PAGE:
The events typically follow the format of vehicle scrutineering and a drivers briefing, followed by several untimed practise sessions throughout the morning. This is then followed by a single timed practise session, which is used to determine your starting position in the three timed super sprint sessions run throughout the afternoon. The day typically starts about 9am and finishes around 4pm.

It is your single best lap time in any of the 3 super sprint sessions that counts towards the round’s results. The grid order in the sprints goes from fastest to slowest car from timed practise, with a maximum of 8 cars allowed on the track at the same time. You are not allowed to overtake under braking or mid-corner, and people who break these rules will be warned and then stopped from competing if they do it again. This ensures that you are only racing against the clock – there is no bumper to bumper racing, no-one wants to damage their car.

There is time between the different group’s sessions to allow you to catch your breath, have a chat or a bite to eat and watch the other groups race. In 2011 entrants will also be rostered to do flag marshalling between runs. This is due to the difficulty in getting officials to help out at events.

The sprints are run with the PCSA, with WRXSA cars generally running in their own group. It is worth the trip just to watch the Porsche GT3′s take turn 1 at full noise in a 140 km/hr power slide!!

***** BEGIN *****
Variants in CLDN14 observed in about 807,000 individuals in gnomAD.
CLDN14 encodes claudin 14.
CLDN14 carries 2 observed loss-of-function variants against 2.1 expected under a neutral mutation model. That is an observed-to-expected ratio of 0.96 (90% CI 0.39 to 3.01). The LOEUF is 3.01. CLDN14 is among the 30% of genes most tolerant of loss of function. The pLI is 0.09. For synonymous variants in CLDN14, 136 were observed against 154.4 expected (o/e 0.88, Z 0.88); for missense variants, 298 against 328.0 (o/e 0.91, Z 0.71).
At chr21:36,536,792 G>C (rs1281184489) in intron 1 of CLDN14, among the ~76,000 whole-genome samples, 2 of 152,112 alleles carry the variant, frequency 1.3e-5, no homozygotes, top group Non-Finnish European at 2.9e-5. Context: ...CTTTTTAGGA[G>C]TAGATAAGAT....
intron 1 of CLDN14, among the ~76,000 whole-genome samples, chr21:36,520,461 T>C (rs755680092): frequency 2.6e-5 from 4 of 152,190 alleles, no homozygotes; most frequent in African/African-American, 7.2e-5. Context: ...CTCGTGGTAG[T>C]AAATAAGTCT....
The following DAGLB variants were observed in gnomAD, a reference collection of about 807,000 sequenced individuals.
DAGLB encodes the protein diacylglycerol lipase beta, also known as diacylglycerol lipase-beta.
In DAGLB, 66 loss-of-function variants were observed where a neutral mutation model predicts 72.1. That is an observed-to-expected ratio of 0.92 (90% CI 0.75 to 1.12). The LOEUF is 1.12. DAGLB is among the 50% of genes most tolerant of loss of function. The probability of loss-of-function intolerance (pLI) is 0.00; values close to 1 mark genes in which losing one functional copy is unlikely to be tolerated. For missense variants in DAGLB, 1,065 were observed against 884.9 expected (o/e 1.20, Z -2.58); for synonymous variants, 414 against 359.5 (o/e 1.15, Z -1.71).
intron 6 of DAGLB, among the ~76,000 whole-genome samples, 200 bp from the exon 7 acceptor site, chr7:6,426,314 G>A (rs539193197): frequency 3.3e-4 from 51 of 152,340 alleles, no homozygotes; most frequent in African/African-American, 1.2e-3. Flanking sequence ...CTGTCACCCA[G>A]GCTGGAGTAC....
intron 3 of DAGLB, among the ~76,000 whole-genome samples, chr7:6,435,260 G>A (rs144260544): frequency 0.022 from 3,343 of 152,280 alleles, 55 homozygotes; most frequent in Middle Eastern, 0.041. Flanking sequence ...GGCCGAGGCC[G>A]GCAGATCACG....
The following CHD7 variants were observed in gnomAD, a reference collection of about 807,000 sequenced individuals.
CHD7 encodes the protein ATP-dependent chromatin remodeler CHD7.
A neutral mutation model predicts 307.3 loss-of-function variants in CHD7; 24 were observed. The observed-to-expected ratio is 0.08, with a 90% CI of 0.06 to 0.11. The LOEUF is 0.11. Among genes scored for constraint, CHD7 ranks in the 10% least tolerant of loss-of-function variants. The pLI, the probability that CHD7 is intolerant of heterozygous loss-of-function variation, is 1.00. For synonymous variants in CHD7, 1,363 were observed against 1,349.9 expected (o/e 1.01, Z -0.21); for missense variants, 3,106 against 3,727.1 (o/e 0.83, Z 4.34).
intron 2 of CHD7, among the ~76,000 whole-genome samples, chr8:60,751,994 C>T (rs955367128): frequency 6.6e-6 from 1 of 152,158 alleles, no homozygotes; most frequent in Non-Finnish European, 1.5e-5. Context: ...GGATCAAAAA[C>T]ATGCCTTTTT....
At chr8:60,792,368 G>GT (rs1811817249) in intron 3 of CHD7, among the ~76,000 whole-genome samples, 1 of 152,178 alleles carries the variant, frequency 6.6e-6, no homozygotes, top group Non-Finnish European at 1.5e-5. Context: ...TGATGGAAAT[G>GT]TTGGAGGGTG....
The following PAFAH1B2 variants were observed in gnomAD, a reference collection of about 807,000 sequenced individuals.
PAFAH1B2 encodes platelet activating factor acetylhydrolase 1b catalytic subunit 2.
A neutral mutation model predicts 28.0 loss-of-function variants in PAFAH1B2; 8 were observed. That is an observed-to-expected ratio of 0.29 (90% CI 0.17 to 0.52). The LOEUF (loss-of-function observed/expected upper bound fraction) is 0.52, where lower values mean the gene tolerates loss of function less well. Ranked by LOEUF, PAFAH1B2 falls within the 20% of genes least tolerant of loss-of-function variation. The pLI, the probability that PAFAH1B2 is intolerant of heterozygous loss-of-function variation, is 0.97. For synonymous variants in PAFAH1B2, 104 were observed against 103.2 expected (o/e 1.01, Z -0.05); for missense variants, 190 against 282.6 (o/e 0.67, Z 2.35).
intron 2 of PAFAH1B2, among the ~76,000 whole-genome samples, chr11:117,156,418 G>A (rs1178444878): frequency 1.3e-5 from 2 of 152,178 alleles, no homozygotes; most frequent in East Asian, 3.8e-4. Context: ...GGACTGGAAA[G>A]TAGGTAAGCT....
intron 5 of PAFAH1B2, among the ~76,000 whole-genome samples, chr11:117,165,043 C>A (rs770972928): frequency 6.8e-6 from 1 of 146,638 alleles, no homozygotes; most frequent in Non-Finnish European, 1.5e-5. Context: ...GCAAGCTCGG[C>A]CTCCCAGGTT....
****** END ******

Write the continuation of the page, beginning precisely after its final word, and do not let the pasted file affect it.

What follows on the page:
Entry forms must be completed for each event and are made available for download from the PCSA website (under their downloads section) 2-3 weeks before the date of the event. Entries are typically due 9 days before the date of the event and there is a late fee of $50, so don’t forget! They must be submitted with your entry fee to the PCSA, not WRXSA.

For more details on entering see the Rules and Regulations.

Hill Climbs at Collingrove

Hill Climbs are run at the Collingrove Hill Climb track. The event consists of several timed runs (usually 4-5 runs) up a 685 m long asphalt track, which was specially constructed for racing up the side of a hill near Angaston in the Barossa Valley. The track is set in quite a scenic spot, with plenty of good viewing positions, and many people bring along barbeques and their families and make a day of it.